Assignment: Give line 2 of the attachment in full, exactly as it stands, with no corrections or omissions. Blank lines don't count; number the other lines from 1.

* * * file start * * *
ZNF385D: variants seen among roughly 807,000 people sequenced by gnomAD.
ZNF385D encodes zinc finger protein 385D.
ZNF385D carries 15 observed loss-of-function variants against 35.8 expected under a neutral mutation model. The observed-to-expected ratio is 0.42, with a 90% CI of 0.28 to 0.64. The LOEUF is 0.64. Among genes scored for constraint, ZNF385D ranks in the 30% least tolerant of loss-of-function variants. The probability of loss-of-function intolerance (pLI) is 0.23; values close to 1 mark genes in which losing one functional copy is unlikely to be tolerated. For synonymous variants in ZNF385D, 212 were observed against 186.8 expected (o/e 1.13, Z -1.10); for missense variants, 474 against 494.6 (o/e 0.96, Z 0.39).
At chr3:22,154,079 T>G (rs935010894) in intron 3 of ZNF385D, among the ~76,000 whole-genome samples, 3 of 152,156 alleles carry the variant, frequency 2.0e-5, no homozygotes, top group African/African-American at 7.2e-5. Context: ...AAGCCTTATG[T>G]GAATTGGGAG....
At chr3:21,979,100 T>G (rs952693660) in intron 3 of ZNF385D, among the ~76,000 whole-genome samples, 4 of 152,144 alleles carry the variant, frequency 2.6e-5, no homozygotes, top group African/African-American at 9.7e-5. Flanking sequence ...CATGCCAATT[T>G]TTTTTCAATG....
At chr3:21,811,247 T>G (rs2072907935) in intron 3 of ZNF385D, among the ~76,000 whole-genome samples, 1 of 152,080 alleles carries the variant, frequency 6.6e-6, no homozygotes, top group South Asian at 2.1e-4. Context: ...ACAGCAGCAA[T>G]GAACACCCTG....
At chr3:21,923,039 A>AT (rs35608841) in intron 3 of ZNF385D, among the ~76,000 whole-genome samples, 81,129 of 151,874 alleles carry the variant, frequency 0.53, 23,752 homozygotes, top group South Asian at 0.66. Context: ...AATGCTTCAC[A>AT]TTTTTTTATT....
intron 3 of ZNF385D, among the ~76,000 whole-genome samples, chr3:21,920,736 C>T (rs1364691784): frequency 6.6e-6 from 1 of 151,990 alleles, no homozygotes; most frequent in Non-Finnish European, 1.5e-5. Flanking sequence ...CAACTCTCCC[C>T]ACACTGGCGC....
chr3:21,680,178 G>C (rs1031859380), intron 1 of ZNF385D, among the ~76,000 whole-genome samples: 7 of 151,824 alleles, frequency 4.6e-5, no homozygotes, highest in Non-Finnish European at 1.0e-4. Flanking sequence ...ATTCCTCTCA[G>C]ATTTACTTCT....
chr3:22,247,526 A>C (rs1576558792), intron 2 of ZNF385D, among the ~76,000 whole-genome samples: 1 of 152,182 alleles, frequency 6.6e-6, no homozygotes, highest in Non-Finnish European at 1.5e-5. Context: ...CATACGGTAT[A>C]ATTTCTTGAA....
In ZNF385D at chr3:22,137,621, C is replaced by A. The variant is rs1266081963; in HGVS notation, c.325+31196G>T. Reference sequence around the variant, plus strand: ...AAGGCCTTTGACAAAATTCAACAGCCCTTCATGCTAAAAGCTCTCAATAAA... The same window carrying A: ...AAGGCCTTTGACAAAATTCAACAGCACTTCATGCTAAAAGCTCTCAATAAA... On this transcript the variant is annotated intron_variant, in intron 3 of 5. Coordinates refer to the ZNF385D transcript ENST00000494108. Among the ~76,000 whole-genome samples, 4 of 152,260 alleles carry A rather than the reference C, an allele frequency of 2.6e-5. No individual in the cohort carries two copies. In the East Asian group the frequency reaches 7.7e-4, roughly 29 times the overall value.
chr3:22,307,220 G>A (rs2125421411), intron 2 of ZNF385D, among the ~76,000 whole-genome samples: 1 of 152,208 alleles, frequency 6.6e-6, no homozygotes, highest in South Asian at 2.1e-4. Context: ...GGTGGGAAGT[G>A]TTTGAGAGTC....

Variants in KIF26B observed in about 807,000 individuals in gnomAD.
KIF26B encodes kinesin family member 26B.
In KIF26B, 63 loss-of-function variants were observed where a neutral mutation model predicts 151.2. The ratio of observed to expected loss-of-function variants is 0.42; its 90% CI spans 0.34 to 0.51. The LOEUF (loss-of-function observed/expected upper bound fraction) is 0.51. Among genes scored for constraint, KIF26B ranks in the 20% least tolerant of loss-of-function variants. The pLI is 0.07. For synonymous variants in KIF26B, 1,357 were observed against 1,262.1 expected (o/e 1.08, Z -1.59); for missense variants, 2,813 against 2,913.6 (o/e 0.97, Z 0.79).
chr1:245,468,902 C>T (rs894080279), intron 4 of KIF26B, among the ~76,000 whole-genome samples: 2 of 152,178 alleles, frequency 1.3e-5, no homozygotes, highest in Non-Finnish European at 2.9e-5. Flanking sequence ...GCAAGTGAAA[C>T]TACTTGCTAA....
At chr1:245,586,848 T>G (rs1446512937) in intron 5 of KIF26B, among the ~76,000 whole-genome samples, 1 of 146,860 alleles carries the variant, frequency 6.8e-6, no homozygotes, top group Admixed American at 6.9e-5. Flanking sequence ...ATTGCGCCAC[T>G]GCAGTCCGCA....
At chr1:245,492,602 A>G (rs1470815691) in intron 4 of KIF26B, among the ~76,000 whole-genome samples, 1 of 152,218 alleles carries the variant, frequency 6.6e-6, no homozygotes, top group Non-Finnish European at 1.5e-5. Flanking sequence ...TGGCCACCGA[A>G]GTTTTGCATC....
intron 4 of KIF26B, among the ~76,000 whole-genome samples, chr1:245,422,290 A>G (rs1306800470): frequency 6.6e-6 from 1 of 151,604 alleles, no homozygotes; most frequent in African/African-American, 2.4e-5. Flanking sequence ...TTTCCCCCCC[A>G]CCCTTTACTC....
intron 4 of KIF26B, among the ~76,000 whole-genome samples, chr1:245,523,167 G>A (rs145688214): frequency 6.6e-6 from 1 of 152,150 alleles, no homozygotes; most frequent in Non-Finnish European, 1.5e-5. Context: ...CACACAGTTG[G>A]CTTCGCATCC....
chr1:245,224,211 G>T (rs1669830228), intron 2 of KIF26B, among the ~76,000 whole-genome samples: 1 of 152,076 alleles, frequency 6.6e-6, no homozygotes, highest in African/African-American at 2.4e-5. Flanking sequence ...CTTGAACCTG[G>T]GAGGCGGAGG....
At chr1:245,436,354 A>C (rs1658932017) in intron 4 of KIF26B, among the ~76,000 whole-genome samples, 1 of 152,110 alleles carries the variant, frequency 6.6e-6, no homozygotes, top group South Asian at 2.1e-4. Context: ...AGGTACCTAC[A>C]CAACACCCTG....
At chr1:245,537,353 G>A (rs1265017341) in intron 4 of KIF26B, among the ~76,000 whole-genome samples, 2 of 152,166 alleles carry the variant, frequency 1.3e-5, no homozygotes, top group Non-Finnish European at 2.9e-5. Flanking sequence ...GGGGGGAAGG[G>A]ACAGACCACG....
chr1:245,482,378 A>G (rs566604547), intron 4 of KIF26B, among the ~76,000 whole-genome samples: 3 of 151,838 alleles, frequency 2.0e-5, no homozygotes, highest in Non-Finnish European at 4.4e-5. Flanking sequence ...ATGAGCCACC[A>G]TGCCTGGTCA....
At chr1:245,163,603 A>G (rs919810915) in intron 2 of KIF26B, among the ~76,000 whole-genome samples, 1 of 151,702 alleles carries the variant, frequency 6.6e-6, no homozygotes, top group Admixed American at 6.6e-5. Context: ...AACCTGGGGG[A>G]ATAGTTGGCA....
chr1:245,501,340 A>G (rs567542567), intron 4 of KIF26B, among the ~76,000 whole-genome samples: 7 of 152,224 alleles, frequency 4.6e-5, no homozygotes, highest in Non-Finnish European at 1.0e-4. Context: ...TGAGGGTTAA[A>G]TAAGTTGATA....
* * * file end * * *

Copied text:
ZNF385D encodes zinc finger protein 385D.